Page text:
I am trying to determine what is necessary to write a line profiler for a language, like those available for Python and Matlab.

A naive way to interpret "line profiler" is to assume that one can insert time logging around every line, but the definition of a line is dependent on how a parser handles whitespace, which is only the first problem. It seems that one needs to use the parse tree and insert timings around individual nodes.

Is this conclusion correct? Does a line profiler require the parse tree, and is that all that is needed (beyond time logging)?

Update 1: Offering a bounty on this because the question is still unresolved.

Update 2: Here is a link for a well known Python line profiler in case it is helpful for answering this question. I've not yet been able to make heads or tails of it's behavior relative to parsing. I'm afraid that the code for the Matlab profiler is not accessible.

Also note that one could say that manually decorating the input code would eliminate a need for a parse tree, but that's not an automatic profiler.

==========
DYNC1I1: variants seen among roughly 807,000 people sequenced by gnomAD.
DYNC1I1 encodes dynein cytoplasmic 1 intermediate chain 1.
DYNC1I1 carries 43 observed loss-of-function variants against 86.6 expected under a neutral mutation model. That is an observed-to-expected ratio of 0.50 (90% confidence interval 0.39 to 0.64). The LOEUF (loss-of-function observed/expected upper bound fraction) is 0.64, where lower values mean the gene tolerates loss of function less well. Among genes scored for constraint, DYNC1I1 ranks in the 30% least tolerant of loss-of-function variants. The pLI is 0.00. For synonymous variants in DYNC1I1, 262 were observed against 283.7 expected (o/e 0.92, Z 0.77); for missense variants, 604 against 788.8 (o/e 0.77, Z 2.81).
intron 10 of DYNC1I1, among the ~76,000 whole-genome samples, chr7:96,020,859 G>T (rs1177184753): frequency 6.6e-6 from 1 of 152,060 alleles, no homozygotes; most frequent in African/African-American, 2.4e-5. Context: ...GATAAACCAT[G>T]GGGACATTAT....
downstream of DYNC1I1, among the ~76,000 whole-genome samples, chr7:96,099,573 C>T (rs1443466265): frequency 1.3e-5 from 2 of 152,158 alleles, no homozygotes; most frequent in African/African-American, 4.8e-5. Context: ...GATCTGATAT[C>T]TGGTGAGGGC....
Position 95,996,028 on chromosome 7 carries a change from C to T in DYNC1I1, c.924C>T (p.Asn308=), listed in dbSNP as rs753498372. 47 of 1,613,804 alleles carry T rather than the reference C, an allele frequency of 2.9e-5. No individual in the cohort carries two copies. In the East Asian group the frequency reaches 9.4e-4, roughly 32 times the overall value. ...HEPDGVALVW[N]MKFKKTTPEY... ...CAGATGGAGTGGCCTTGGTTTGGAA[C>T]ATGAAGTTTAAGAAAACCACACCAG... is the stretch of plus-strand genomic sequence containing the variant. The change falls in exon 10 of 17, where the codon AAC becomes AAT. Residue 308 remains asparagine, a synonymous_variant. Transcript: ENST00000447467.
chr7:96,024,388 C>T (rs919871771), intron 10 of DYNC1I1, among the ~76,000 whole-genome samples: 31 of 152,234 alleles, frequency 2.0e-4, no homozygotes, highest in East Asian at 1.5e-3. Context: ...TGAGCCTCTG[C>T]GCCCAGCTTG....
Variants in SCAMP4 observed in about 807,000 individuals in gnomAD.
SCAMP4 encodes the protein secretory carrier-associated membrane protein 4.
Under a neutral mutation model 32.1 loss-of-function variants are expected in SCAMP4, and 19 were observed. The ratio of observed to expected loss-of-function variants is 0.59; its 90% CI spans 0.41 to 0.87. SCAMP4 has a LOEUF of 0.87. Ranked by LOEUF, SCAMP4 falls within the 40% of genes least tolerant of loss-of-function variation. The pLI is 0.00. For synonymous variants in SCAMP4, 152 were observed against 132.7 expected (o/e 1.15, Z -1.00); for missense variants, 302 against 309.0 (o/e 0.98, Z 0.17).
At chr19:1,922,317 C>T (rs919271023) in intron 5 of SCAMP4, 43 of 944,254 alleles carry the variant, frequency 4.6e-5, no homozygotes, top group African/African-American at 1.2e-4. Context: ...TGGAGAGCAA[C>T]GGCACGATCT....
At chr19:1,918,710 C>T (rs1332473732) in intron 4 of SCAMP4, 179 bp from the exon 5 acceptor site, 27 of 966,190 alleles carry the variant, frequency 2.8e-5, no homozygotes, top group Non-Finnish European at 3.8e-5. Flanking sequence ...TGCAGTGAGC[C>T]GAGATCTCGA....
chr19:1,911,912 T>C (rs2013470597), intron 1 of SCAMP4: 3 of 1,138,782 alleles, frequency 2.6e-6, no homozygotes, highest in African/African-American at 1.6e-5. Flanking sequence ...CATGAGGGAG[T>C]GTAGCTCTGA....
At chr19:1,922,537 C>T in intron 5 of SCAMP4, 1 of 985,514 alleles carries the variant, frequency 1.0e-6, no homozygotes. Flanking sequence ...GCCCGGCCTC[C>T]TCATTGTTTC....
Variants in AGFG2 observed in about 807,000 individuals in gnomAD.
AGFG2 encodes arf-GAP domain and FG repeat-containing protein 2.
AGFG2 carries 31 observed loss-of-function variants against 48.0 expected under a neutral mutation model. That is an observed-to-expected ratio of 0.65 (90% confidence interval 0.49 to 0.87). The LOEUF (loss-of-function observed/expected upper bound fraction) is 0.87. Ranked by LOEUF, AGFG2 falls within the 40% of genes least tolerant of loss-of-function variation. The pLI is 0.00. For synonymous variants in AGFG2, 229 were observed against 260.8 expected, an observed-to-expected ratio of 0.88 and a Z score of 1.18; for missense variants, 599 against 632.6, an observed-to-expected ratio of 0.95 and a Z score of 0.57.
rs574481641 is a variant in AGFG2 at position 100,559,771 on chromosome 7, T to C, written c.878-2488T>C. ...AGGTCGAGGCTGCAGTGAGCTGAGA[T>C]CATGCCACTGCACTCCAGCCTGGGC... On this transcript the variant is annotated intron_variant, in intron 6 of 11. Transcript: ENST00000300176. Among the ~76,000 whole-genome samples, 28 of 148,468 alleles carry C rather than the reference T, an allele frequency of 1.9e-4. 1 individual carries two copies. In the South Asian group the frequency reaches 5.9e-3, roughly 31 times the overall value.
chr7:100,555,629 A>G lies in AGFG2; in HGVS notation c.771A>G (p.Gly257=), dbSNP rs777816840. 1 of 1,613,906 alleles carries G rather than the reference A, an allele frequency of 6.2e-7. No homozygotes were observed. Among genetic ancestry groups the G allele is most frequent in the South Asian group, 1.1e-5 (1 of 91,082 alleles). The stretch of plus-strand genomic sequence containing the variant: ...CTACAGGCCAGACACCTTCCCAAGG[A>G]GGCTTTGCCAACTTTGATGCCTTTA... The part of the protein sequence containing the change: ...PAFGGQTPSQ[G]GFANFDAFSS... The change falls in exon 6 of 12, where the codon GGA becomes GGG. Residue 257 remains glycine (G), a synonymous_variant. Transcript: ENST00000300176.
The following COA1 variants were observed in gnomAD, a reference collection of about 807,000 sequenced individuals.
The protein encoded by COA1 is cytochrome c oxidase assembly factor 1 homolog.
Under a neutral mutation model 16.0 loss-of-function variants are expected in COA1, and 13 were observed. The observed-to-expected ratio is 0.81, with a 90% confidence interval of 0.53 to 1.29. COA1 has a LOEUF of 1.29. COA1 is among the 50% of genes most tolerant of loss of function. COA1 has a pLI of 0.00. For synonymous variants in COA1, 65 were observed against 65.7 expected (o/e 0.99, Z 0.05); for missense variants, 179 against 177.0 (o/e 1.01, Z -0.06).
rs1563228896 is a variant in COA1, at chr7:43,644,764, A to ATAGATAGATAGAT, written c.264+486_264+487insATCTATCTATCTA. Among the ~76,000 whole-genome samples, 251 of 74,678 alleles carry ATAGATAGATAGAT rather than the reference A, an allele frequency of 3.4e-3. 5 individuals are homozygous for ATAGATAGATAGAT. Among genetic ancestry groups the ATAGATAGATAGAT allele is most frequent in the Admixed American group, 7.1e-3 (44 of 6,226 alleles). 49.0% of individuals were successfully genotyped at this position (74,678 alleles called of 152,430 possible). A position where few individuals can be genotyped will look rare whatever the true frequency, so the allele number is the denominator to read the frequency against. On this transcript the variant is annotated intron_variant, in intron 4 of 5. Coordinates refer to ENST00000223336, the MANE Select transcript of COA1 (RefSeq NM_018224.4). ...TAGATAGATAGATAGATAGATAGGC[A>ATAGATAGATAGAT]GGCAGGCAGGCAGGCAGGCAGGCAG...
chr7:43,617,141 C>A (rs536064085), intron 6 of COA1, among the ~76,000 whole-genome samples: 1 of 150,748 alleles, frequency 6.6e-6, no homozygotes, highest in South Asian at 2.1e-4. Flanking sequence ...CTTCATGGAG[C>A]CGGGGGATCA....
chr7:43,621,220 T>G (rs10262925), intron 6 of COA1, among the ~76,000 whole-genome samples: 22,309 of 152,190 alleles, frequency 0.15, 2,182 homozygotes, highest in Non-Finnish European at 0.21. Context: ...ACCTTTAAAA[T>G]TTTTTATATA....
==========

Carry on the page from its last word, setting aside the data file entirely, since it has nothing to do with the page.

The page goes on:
Update 3: Although this question is language agnostic, this arose because I am thinking of creating such a tool for R (unless it exists and I haven't found it).

Update 4: Regarding use of a line profiler versus a call stack profiler - this post relating to using a call stack profiler (Rprof() in this case) exemplifies why it can be painful to work with the call stack rather than directly analyze things via a line profiler.

  • Are you aware of Rprof() in R as well as 'R CMD Rprof' for post-processing, along with at least two CRAN packages to summarize and visualize profiling data? And if you do, can you detail how what you look for is different? – Dirk Eddelbuettel Sep 27 '11 at 22:05
  • Hi again @Iterator. I know the machinery for stack-sampling is in matlab, because it can be interrupted with Ctrl-C, and you can display the stack with dbstack. If you need to build a profiler you might automate the manual method. No need to parse. – Mike Dunlavey Sep 27 '11 at 22:08
  • @Dirk: Yep, aware of Rprof() and have used it and the other packages extensively - see this Q. In short, Rprof is a call stack profiler, not a line profiler. A stack profiler is often useful and adequate, but a line profiler is, in my experience, often more helpful when working with languages such as R, Matlab, and Python. Working with Rprof(), I wrote a lot of code to analyze its output before giving up and manually decorating the code; the call stack can be stimulating, but painful. – Iterator Sep 27 '11 at 22:30